Fantastic, huh? Do you think that would never happen? It has happened. In the documentary, George Harrison: Living In The Material World, Ringo Starr is interviewed (from movie transcript) about what it was like to have everything he needed or wanted, just handed to him:
You know, where, you know, you’re recognised, you get a great seat in a restaurant and, you know, things are bigger and things come to you faster.
Um, you know, all that is great. And then you really want that to end.
“You really want that to end.” Ringo figured out that getting everything you want isn’t the key to happiness. But there is something more. Ringo had been in service as a member of The Beatles. He was a fantastic drummer with great talent. He used his talents in the service of others, and he got back far more than he put in.
I’m tearing up as I write this. I am realizing a sort of grief from all the time that I had spent alone, not knowing how to live my life better. Not knowing that from a biological perspective, that natural selection does not favor selfish behavior. Natural selection favors altruism. Natural selection says that we are here to serve.
I am here to serve. As I look back on my life, I noticed how I felt after I helped someone. I felt a little juice, a little high just from helping someone. I felt it when I helped other people with their personal problems. I felt the same thing when I help my friends. I felt it when, after I got married, that I was supporting my wife as she adjusted to life in America. I felt it again when we had kids and I helped them grow from peanut to a lively, happy kid. I felt it just last week as I helped my customers solve very difficult problems with the software my employer sells. And all that time, I wasn’t thinking about the money or what I would get in return. I was there to serve.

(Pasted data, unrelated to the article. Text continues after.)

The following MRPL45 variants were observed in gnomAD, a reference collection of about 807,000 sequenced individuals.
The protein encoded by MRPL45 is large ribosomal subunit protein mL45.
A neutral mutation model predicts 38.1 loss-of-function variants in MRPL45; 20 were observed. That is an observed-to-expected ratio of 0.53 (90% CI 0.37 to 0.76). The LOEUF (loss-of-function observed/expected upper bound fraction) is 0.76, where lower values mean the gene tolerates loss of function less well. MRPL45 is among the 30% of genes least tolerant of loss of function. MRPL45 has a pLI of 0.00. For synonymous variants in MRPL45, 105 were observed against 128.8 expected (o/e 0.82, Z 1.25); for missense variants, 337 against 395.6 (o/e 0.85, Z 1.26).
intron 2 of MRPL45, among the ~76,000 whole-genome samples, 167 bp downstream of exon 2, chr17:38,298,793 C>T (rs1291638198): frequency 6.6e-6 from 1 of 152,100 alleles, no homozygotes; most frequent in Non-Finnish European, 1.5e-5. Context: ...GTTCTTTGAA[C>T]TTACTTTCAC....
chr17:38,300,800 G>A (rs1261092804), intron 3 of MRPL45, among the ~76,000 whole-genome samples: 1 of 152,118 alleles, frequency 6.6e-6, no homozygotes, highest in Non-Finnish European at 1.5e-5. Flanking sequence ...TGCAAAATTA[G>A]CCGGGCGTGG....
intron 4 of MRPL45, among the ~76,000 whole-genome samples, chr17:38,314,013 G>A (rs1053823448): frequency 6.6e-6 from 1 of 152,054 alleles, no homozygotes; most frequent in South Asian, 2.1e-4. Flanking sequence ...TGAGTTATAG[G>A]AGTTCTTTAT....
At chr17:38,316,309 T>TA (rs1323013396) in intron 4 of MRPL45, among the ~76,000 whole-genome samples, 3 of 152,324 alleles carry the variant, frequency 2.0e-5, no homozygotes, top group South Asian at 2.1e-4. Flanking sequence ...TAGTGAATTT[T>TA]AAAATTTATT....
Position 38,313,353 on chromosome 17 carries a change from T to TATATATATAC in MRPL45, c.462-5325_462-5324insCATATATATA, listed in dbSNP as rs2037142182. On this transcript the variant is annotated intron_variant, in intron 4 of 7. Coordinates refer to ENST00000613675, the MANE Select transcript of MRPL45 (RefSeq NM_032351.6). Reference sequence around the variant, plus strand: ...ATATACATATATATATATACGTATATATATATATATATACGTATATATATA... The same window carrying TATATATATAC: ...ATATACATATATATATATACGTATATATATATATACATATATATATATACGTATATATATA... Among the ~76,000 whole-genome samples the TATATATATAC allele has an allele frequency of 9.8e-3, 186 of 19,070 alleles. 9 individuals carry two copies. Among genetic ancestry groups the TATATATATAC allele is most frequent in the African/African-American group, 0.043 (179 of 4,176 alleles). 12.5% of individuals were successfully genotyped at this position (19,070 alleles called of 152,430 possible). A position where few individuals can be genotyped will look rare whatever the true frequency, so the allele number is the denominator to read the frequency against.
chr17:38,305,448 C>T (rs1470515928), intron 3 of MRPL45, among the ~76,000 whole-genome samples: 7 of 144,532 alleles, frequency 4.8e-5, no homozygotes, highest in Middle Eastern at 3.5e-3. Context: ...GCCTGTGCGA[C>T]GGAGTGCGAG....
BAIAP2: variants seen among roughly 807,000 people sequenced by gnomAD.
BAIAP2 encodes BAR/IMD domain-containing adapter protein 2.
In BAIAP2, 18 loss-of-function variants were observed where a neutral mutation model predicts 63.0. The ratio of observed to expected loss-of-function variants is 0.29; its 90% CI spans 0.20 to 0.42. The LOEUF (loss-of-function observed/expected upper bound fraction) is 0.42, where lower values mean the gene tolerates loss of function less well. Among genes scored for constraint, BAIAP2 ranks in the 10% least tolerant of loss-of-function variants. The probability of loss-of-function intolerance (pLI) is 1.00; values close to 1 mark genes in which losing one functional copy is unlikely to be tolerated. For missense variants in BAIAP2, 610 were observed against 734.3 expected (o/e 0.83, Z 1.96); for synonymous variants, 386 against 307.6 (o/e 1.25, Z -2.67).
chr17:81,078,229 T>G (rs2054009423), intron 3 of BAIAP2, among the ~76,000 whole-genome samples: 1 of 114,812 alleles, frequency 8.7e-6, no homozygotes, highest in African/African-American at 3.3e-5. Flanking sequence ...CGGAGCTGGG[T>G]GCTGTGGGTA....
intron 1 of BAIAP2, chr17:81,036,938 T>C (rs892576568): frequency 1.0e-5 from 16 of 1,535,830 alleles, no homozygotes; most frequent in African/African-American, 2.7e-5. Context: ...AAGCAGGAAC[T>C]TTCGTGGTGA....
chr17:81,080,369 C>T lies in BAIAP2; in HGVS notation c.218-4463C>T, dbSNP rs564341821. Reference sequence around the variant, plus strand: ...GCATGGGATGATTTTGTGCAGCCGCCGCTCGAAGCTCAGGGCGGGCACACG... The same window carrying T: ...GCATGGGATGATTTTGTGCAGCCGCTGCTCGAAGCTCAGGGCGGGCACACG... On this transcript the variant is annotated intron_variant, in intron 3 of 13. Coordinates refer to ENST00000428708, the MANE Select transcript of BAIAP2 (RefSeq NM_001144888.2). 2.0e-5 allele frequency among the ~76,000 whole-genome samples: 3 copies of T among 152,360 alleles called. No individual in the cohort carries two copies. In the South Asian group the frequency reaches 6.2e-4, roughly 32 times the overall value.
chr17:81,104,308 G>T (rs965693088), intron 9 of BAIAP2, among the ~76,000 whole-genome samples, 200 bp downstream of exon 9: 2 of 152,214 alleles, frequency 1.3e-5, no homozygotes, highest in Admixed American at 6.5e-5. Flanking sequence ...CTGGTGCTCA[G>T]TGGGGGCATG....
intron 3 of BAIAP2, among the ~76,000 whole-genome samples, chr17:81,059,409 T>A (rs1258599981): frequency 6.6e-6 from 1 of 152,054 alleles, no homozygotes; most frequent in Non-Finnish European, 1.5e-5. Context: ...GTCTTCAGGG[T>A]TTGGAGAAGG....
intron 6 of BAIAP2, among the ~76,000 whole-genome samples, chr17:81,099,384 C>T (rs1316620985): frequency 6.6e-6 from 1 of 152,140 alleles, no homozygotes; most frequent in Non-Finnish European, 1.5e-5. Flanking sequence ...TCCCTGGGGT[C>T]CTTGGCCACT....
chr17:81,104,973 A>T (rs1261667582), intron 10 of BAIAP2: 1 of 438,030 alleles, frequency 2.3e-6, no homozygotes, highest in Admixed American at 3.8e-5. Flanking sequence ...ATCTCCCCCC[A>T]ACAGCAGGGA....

The charge that I get from helping other people is better than shopping, sex, the best chocolate, or any drugs. I know what it’s like to be drunk. I know what it’s like to be high. I know what it’s like to indulge in pleasure. I know what it’s like to buy something that I desire. I know what it’s like to receive a windfall of money. And none of that even comes close to the feeling I get from helping other people.
So I can see why people like Bono of U2, Mother Teresa, and Jimmy Carter, go out of their way to help people. Helping other people makes them feel good. They are taking advantage of a facility in the human body that encourages us to help others. Our brains are designed to emit endorphins that make us happy when we help others.
We get high by helping others. I believe that this is the reason for the success of humanity. Our capacity to help each other is why we have 7.7 billion people on the planet. Its why we even have civilization. It’s why we have commerce. It’s why we have philanthropy. It’s why we have hospitals and churches. It’s why we have families.
The members of the most successful species on the planet help each other. One only need to look at the mega-colonies of ants to know this. They live in the service of each other. The most successful people on the planet are here to serve, and I don’t mean money when I say, successful people. I mean successful people are those who can get their needs met by helping other people. They are the happiest people in the world. And I am learning to be like them.